Media release

Renewables not to blame for surge in electricity prices in South Australia

MEDIA RELEASE, 14 July 2016: The wind and renewables sector are not to blame for the surge in electricity prices and potential shutdowns of South Australia’s biggest employers, the Australian Wind Alliance says.

Australian Wind Alliance spokesperson Charlie Prell said that South Australia’s recent wild storms and the associated delay in upgrade work on the interconnector are being used to attack the wind and renewables sector.

 

Mr Prell says that the real problem, as identified by Minister Koutsantonis, is that companies have not planned any contingency strategies, such as forward hedging contracts, to cover the period of the upgrade of the interconnector.

“Twelve months advance notice of this work was widely advertised. If these companies are large users of electricity then they should have these strategies in place,” Mr Prell said. 

“Companies that are large users of electricity should be negotiating long-term fixed price contracts for their business. This is the solution to this problem, not blaming wind and solar.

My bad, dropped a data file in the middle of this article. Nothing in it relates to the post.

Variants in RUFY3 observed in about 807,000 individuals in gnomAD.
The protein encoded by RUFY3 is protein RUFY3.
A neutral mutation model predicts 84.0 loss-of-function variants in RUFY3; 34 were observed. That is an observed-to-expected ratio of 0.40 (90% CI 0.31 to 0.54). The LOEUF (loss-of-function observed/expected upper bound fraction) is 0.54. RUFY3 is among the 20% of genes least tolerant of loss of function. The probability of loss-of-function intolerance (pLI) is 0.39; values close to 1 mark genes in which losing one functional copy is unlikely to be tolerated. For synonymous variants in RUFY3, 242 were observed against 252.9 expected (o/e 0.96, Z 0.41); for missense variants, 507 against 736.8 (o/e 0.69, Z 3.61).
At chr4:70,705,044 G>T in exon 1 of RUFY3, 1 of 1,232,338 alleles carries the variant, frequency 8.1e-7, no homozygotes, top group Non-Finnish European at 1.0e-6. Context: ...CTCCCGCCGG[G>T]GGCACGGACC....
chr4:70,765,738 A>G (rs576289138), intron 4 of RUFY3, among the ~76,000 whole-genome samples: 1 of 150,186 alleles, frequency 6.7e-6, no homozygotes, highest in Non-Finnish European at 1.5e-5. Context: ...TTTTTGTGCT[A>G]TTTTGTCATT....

“With battery storage developing rapidly, a dramatic improvement to energy security will become reality. Because they are leading the world in building renewable infrastructure, South Australia are in a great position to take advantage of this battery innovation.”

“Wind turbines are not responsible for the surge in electricity prices in South Australia, transmission and infrastructure costs are,” said Mr Prell, who predicts price volatility will be very unlikely to flow through to domestic consumers.

Media: Contact Sarah Thompson, Senior Media Advisor, Climate Media Centre:  [email protected]au or 0420 892 450. 

The Australian Wind Alliance is a community-based advocacy group of farmers, wind workers, small businesses and residents. We share a common vision of harnessing Australia’s world-class wind resources to power our homes, cities and industries with clean renewable energy. Go to www.windalliance.org.au for details.